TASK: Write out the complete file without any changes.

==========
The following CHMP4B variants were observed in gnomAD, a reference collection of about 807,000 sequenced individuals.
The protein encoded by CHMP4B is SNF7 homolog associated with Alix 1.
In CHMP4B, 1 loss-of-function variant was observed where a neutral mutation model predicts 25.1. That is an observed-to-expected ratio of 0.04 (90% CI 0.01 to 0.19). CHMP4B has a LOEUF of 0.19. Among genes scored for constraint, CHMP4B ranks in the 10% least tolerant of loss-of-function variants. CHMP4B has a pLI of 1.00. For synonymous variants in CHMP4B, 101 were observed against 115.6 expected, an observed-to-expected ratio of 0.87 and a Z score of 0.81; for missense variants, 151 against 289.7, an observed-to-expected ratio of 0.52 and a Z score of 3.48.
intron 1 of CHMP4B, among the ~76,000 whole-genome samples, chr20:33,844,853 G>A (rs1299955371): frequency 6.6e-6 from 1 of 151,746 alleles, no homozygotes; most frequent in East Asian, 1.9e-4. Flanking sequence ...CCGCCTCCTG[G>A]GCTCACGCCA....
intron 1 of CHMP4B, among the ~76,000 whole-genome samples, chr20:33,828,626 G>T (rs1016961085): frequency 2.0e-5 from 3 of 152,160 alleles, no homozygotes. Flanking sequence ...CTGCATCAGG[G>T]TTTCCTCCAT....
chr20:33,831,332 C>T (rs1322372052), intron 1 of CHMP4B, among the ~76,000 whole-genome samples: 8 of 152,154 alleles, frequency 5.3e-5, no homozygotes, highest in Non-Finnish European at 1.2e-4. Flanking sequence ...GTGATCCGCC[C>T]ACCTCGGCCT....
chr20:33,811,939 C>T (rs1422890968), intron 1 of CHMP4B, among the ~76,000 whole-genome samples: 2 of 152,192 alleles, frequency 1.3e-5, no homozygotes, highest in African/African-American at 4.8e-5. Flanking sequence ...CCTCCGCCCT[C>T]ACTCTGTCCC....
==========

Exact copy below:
The following CHMP4B variants were observed in gnomAD, a reference collection of about 807,000 sequenced individuals.
The protein encoded by CHMP4B is SNF7 homolog associated with Alix 1.
In CHMP4B, 1 loss-of-function variant was observed where a neutral mutation model predicts 25.1. That is an observed-to-expected ratio of 0.04 (90% CI 0.01 to 0.19). CHMP4B has a LOEUF of 0.19. Among genes scored for constraint, CHMP4B ranks in the 10% least tolerant of loss-of-function variants. CHMP4B has a pLI of 1.00. For synonymous variants in CHMP4B, 101 were observed against 115.6 expected, an observed-to-expected ratio of 0.87 and a Z score of 0.81; for missense variants, 151 against 289.7, an observed-to-expected ratio of 0.52 and a Z score of 3.48.
intron 1 of CHMP4B, among the ~76,000 whole-genome samples, chr20:33,844,853 G>A (rs1299955371): frequency 6.6e-6 from 1 of 151,746 alleles, no homozygotes; most frequent in East Asian, 1.9e-4. Flanking sequence ...CCGCCTCCTG[G>A]GCTCACGCCA....
intron 1 of CHMP4B, among the ~76,000 whole-genome samples, chr20:33,828,626 G>T (rs1016961085): frequency 2.0e-5 from 3 of 152,160 alleles, no homozygotes. Flanking sequence ...CTGCATCAGG[G>T]TTTCCTCCAT....
chr20:33,831,332 C>T (rs1322372052), intron 1 of CHMP4B, among the ~76,000 whole-genome samples: 8 of 152,154 alleles, frequency 5.3e-5, no homozygotes, highest in Non-Finnish European at 1.2e-4. Flanking sequence ...GTGATCCGCC[C>T]ACCTCGGCCT....
chr20:33,811,939 C>T (rs1422890968), intron 1 of CHMP4B, among the ~76,000 whole-genome samples: 2 of 152,192 alleles, frequency 1.3e-5, no homozygotes, highest in African/African-American at 4.8e-5. Flanking sequence ...CCTCCGCCCT[C>T]ACTCTGTCCC....